Comfort Zone

I often stress the importance for newer traders to define their comfort zones when trading. The idea is that there is so much to learn and so many lessons to think about that distractions must be kept to a minimum. Believe me when I tell you that the fear of losing money is a serious distraction.

    NOTE: Traders know that they are going to lose money on some of their positions. It is inevitable. However, being afraid that a specific position is likely to lose or that too much may be lost is a serious distraction. If you cannot sleep at night, get out of the position that is troubling you.

The best method for avoiding as many distractions as possible is to own positions that are comfortable to own. This is not as difficult as it may sound. To be comfortable with any given trade (and with the portfolio as a whole), several things are necessary:

  1. Understand the option strategy. Simply stated you understand what has to happen for the trade to earn or lose money.
  2. Know the maximum possible loss for the trade if the worst-possible scenario occurs. Yes, losing that sum would be discouraging and make you unhappy, but you must be certain that you can afford a loss of that size. NOTE: This is the loss that occurs when something unexpected happens, such as a gap opening in the market or when the company issues unexpected news and the stock price makes an unfavorable move. Good risk management technique does not allow for holding positions until the worst possible result is achieved. Good risk management requires exiting earlier.
    • —When the maximum possible loss is too large, the solution is to trade smaller position size (fewer options) or otherwise modify the original trade.

      —Make this calculation before you make the trade.

  3. Have a plan (a). Set a target profit and when that target is achieved plan to exit. Yes. You can re-evaluate at that time, but having a profit target is important because inexperienced traders who have no plan seldom know when to exit the trade.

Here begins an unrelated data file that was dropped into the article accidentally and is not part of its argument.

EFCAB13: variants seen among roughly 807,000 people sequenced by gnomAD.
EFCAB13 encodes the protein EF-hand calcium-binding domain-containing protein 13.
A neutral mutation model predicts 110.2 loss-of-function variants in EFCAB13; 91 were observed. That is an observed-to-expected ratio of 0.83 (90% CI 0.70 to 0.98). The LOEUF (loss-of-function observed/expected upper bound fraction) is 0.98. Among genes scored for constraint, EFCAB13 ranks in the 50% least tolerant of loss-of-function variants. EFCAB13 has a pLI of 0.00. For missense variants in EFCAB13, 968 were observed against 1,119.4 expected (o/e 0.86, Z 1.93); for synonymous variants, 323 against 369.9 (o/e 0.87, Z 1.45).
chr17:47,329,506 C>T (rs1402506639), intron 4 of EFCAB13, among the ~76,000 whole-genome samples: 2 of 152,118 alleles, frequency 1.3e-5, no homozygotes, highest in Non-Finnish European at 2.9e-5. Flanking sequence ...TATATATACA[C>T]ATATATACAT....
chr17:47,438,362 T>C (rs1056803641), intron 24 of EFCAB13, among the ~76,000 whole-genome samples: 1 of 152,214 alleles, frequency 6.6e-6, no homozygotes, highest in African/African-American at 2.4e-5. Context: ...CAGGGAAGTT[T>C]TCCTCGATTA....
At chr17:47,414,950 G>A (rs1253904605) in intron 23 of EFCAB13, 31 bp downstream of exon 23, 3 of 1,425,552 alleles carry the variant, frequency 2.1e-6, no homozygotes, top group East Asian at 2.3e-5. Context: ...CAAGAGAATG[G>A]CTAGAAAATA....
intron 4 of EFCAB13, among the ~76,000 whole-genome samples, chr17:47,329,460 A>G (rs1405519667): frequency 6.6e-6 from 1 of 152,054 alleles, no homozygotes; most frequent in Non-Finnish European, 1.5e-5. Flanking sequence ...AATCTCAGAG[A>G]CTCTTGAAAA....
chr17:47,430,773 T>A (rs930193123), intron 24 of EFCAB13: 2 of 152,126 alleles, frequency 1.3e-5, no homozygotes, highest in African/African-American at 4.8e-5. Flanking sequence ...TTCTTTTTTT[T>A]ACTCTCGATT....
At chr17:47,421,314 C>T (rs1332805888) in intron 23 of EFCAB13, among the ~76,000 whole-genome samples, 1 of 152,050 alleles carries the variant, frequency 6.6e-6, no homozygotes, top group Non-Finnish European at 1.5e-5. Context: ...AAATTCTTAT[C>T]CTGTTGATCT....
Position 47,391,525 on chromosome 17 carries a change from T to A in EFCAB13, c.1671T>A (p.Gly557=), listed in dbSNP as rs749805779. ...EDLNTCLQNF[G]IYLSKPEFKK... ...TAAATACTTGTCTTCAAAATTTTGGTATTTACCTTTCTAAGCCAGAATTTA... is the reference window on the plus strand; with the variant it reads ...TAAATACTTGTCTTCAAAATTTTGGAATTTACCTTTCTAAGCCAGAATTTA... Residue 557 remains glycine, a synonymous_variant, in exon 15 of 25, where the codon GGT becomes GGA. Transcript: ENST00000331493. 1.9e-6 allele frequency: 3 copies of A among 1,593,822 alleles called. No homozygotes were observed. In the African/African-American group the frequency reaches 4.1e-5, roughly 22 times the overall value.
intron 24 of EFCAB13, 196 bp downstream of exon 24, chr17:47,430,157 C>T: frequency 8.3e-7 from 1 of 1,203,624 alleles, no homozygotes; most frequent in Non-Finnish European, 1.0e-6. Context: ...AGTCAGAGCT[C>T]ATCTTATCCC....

4. Have a plan (b). Set a maximum loss you are willing to accept for the position if and when the trade goes awry. This number is VERY different from the worst-case scenario. Good risk managers know when ‘enough is enough’ and that the original expectations for the position are unlikely to come to pass.

When you, the trader, own positions that you believe have a good chance to earn a profit and when you are sure that you do not have too much money at risk, it is far easier to concentrate on learning to trade. By remaining within your comfort zone, you can spend your time learning important lessons. For example:

    –Which option strategy is appropriate for today’s market conditions. This takes judgment that comes with experience.

    –Choosing the strike prices and expiration date for the options.

    –Making a trade plan that describes your target profit as well as the maximum loss that you will accept before closing the trade (this is not the worst-case scenario loss).

    –Watching the days pass and examining how the position makes and loses money on a daily (or weekly) basis.

    –etc. There are many aspects of trading that only come with experience. Those are the things that should occupy your thoughts. You do not want to trade any position without a sufficient understanding about how the trade is supposed to play out or else you will find it difficult to know when to hold longer or exit.

There is a lot to learn without worrying about having too much cash at risk. Nor do you want to find yourself owning a position without a good idea about ‘what do I do now’ if something unexpected happens.

Trading Outside the Zone

There reaches a point when a trader wants to grow. We all want to move beyond the beginner stage. For that to become reality, one thing must be true:

You must survive. You must still be in the business of trading. That means you did not blow up your trading account. It means that you learned how to handle and manage risk for at least one strategy. In short, you survived and are ready to continue growing as a trader.

Here are some recent ideas on expanding the borders of your comfort Zone by Dr. Brett Steenbarger

Some of the best traders I know make pushing the comfort zone a lifestyle. They will find the offbeat restaurant, the challenging vacation voyage, the stimulating theater or dance performance…

The above statement refers to very experienced, probably professional, traders. But the idea is sound. To improve, you want to expand your comfort zone. But the key point to remember is that the new trader must first survive the education process and to take things one step at a time.


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